However, emails that surfaced during a trial of a German track and field coach Thomas Springstein in 2006 showed that people behind some athletes were at least thinking about genetic modification as a way forward.
Scientists who lead the field in developing gene therapy techniques in laboratory animals have also reported being inundated with enquiries from sports people keen to know more.
"There are animal models which show efficacy and the possibility of this being technically feasible for an athlete to do," said Andy Miah, a bioethicist and director of the Creative Futures Institute at the University of the West of Scotland.
The drug mentioned in the 2006 German court case was Repoxygen - a gene therapy developed by the British biotech Oxford Biomedica as a treatment for severe anaemia.
The company has since pulled the plug on developing the product as it seemed unlikely to be profitable as a medicine.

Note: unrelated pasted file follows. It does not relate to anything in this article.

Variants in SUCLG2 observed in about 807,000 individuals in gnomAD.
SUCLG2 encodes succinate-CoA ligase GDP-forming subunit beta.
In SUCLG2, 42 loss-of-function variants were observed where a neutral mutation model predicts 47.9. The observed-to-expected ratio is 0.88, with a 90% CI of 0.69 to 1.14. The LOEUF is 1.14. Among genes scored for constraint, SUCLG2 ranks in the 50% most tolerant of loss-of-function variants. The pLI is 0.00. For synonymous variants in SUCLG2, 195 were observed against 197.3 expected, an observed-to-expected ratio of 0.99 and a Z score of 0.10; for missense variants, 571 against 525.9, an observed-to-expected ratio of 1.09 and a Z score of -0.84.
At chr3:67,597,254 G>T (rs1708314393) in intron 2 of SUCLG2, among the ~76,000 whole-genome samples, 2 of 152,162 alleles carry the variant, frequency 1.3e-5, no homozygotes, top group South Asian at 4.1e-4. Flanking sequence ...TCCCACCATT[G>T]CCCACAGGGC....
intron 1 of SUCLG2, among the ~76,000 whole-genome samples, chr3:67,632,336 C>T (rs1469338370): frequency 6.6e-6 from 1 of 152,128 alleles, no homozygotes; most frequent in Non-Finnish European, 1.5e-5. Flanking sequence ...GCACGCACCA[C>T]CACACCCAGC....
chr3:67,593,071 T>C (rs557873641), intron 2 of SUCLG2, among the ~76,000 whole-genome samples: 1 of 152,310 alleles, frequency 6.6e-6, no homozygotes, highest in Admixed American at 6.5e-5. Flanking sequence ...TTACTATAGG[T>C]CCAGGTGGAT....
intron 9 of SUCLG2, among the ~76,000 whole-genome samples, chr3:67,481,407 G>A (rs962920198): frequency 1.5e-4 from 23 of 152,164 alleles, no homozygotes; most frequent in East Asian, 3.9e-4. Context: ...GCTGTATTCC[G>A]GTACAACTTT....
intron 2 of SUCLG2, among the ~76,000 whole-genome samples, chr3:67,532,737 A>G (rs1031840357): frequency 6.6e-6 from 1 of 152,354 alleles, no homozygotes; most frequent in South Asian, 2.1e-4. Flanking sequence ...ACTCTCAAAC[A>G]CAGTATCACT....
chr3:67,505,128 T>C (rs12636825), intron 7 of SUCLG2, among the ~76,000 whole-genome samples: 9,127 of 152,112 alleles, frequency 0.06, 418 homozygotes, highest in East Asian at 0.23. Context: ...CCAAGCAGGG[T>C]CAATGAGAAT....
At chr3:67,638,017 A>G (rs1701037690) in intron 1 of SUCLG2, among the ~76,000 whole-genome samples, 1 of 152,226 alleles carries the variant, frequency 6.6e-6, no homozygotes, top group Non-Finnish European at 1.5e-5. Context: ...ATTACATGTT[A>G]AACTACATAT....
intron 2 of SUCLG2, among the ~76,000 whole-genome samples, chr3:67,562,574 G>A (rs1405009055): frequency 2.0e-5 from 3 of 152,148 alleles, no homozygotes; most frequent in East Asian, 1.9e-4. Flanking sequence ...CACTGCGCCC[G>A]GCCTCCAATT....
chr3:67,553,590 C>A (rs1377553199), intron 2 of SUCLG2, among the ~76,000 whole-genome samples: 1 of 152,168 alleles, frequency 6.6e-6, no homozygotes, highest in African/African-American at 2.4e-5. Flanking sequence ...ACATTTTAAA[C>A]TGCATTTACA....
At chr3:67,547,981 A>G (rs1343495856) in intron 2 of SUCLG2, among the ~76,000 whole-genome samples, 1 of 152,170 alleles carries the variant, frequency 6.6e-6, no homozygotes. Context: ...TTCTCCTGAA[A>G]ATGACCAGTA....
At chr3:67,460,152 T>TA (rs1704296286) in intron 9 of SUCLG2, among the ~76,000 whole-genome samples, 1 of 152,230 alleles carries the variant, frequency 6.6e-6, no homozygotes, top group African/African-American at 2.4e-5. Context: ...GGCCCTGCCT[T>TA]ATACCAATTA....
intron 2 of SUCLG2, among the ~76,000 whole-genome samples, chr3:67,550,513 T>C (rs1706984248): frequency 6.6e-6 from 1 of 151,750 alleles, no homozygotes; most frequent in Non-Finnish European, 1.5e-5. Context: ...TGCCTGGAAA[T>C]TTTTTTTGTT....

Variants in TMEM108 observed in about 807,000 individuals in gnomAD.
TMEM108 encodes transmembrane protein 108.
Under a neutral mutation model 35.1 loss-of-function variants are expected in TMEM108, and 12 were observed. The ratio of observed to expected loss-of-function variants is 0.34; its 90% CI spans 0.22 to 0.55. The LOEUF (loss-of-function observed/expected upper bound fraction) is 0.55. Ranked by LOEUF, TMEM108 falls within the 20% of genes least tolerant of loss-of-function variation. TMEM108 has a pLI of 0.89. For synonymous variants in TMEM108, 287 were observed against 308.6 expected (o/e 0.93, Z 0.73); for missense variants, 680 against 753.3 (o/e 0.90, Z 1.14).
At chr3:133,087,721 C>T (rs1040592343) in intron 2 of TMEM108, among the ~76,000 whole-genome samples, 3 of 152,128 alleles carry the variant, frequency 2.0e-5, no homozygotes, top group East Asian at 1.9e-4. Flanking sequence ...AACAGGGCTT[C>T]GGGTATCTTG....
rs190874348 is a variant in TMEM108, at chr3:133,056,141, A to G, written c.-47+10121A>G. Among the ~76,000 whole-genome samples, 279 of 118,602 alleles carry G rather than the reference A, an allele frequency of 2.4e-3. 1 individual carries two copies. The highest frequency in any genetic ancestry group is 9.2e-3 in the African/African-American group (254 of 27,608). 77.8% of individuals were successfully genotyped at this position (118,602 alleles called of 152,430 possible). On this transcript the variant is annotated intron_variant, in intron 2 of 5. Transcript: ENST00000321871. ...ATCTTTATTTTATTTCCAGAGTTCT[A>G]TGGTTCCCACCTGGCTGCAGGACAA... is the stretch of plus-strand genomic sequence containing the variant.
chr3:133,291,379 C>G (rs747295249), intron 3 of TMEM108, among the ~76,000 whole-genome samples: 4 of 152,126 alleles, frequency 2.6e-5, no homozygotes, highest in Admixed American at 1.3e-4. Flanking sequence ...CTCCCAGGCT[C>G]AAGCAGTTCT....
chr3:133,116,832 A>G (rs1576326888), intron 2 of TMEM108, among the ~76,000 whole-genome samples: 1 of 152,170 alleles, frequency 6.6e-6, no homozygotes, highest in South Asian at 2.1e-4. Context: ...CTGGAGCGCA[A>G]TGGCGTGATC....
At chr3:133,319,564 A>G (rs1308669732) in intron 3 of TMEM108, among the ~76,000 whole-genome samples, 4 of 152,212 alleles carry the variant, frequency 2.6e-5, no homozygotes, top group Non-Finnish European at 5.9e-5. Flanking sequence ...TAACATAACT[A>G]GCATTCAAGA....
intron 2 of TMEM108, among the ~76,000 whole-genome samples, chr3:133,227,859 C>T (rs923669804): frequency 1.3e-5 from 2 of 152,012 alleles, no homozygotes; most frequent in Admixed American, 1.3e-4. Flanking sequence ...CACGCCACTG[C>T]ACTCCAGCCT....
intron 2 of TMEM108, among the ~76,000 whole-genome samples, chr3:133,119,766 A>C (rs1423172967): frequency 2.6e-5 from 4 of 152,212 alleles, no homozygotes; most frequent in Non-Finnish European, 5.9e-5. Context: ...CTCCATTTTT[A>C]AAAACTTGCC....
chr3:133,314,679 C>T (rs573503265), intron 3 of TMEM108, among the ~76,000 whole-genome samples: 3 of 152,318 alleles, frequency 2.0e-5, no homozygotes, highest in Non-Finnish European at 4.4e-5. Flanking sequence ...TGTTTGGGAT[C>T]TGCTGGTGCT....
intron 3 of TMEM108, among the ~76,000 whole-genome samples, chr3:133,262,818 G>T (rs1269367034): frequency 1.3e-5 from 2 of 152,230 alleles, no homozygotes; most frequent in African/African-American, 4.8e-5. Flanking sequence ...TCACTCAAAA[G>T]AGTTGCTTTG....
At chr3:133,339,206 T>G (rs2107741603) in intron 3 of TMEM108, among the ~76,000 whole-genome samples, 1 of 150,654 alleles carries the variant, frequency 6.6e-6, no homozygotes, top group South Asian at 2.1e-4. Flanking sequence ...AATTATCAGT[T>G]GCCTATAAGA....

Yet an email written by coach Springstein to a Dutch doctor suggested some in the sports world were already keen.
"New Repoxygen is hard to get," Springstein wrote. "Please give me new instructions soon so that I can order the product before Christmas."
Repoxygen is based on a direct injection of an inactivated virus carrying the gene for EPO, or erythropoietin, a hormone beloved by athletic dopers seeking to artificially boost their red blood cells and aerobic capacity.
Repoxygen is just one of a number of scientific developments that caught the eye of potential sports dopers.
Lee Sweeney, a professor at the University of Pennsylvania in the United States, has pioneered research into gene transfer technology and developed various super-sporty lab mice to test its potential.